What's going on?I've been struggling to make sense of the Mayor's position on the 11 "at risk" libraries. The story (opposite) going out from Labour in the Greenbank ward adds to the confusion. I have checked the facts and I've written to Cllr Roberstson-Collins (pictured) asking for a retraction: she has not "saved" Sefton Park Library.
The Library is in the Green-voting St Michaels ward and its three Green councillors have been closely involved in two aspects of the campaign to save it.
Firstly we have supported campaigns, petitions and demonstrations against the Mayor's plans to make cuts to the libraries. But secondly we have supported, and indeed led, the formation of The Friends of Sefton Park Library which has put forward a "Plan B" in response to the Mayor's challenge to the community to show how volunteers and other organisations could find other ways to retain library services when revenue from the City Council was withdrawn.
The Mayor's BBC announcement on Monday10th November came as a surprise. We were expecting a report to be published for Cabinet on 21st November, so no announcement was needed. It's been suggested to me that the reason the Mayor made his surprise announcement was to head off the demonstration planned two days later at the City Council meeting.
The positive and important thing is the new commitment to save all of the "at risk" libraries. But we did not know if that depended on continuing our "Plan B" for Sefton Park Library.
Having checked with the Head of Libraries, it is confirmed that the partnership proposal involving the Friends and a not-for-profit training organisation continues to be the only proposal on the table for retaining some kind of public library service from the Library building. There is more work to do on that proposal, as part of the overall libraries continuation plan to go the the City Council's Cabinet next month for decision.
Failure to build bridgesThe campaign to save the libraries has been vigorous and diverse, involving notable local writers as well as large numbers of library users. It has achieved a change of mind on, at least, restoring part of the funding for the "at risk" community libraries. It's very odd that the Mayor continued to attack the campaigners rather than acknowledge the sincerity of their cause and celebrate a reconciliation.
It's also odd that he praises the good people who have worked on volunteer-led solutions and condemns people campaigning to keep all libraries open. In practice we know that in many cases it is the same people who have been active in both roles.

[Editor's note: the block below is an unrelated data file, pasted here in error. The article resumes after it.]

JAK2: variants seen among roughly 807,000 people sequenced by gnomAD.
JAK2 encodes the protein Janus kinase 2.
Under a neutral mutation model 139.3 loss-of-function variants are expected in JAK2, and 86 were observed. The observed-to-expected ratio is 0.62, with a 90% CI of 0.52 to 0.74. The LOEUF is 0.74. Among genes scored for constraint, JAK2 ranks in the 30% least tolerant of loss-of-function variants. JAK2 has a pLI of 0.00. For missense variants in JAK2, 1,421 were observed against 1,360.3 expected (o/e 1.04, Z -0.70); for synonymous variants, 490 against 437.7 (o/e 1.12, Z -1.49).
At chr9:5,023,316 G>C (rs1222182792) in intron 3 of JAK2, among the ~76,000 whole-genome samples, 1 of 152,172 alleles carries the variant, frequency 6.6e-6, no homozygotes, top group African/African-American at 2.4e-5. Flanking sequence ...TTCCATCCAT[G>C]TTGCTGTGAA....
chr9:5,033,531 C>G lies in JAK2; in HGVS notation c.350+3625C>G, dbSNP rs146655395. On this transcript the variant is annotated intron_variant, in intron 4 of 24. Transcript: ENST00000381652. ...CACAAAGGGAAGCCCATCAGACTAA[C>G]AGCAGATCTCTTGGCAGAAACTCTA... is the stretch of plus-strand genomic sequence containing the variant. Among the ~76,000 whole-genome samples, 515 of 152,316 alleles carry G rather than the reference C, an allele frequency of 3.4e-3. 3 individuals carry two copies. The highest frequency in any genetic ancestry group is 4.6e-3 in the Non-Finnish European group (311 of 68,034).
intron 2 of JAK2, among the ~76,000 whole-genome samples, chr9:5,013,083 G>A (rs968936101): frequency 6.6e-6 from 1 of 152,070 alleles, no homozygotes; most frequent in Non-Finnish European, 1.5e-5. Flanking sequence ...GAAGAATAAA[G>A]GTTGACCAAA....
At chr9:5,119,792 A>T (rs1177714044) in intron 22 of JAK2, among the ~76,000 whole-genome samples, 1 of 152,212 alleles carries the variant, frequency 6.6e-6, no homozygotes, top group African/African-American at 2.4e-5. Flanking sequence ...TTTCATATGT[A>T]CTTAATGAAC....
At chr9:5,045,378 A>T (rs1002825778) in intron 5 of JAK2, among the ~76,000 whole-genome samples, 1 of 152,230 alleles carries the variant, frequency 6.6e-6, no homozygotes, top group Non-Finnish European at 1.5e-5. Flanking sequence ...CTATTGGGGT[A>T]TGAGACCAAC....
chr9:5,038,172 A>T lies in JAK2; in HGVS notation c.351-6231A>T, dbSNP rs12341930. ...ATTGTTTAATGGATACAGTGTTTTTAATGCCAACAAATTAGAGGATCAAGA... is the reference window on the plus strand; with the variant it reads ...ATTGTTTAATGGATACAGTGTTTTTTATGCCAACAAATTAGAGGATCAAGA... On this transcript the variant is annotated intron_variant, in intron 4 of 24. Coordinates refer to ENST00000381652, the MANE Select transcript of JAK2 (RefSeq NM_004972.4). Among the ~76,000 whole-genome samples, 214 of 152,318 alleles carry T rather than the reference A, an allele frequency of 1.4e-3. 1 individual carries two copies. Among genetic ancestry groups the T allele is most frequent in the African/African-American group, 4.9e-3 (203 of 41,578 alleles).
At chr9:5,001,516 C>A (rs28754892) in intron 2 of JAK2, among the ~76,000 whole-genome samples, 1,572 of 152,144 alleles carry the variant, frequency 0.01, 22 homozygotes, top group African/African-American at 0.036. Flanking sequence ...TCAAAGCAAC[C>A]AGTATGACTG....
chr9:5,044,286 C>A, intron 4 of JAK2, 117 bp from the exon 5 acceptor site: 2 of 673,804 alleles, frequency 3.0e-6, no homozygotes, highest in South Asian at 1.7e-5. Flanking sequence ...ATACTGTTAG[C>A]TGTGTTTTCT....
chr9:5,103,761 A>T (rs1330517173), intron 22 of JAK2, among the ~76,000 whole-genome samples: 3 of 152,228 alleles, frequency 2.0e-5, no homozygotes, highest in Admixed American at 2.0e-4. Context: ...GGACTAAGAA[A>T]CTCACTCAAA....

Who knows, maybe we will see another change of the Mayoral mind on that, but in the meantime his choice to make enemies of Liverpool citizens helps weaken his political base - which may be no bad thing for democracy hereabouts.
Here is the time line, with special reference to Sefton Park Library
- Wednesday 10th September a special meeting of the Council's culture committee approved of the decision to put 11 libraries at risk. At that meeting a Green Party motion asked the committee to support the idea of reallocating approximately £1.6m from the mayoral and councillors' discretionary funds to save the libraries (first put forward at the Council's Budget meeting on 5th March).
- After that meeting, the Council was stated to be consulting on ways to save some of the 11 "at risk" libraries for which budget support had been deleted.
- On 6th October all four Green Party councillors attended the public meeting organised by the Council to discuss Wavertree and Sefton Park libraries. (I did not see the two Labour Party councillors for Greenbank ward attend that meeting - perhaps they were working "behind the scenes"?.) I spoke about our intention to look for partners to work with volunteers to keep Sefton Park Library open. This was acknowledged by the Council officers present.
- On Thursday 23rd October, the first meeting of the Friends of Sefton Park Library took place; a simple constitution was adopted.
- On Wednesday 29th October, Green councillor Tom Crone challenged the Mayor to help the libraries by using some of the money saved from ending the Liverpool Direct contract The Mayor said "no". (But 10 days later the Liverpool Direct savings were part of his libraries funding plan!)
- On Monday 3rd November we held a public meeting to report and agree an outline for a provisional joint "Plan B", working with Riverside Learning and Education Centre.
- On Thursday 6th November a working party from the Friends and Riverside LEC agreed a letter of intent to be sent to the Head of Libraries which was promptly acknowledged as fit for purpose.
- On Monday 10th November the Mayor made his surprise announcement.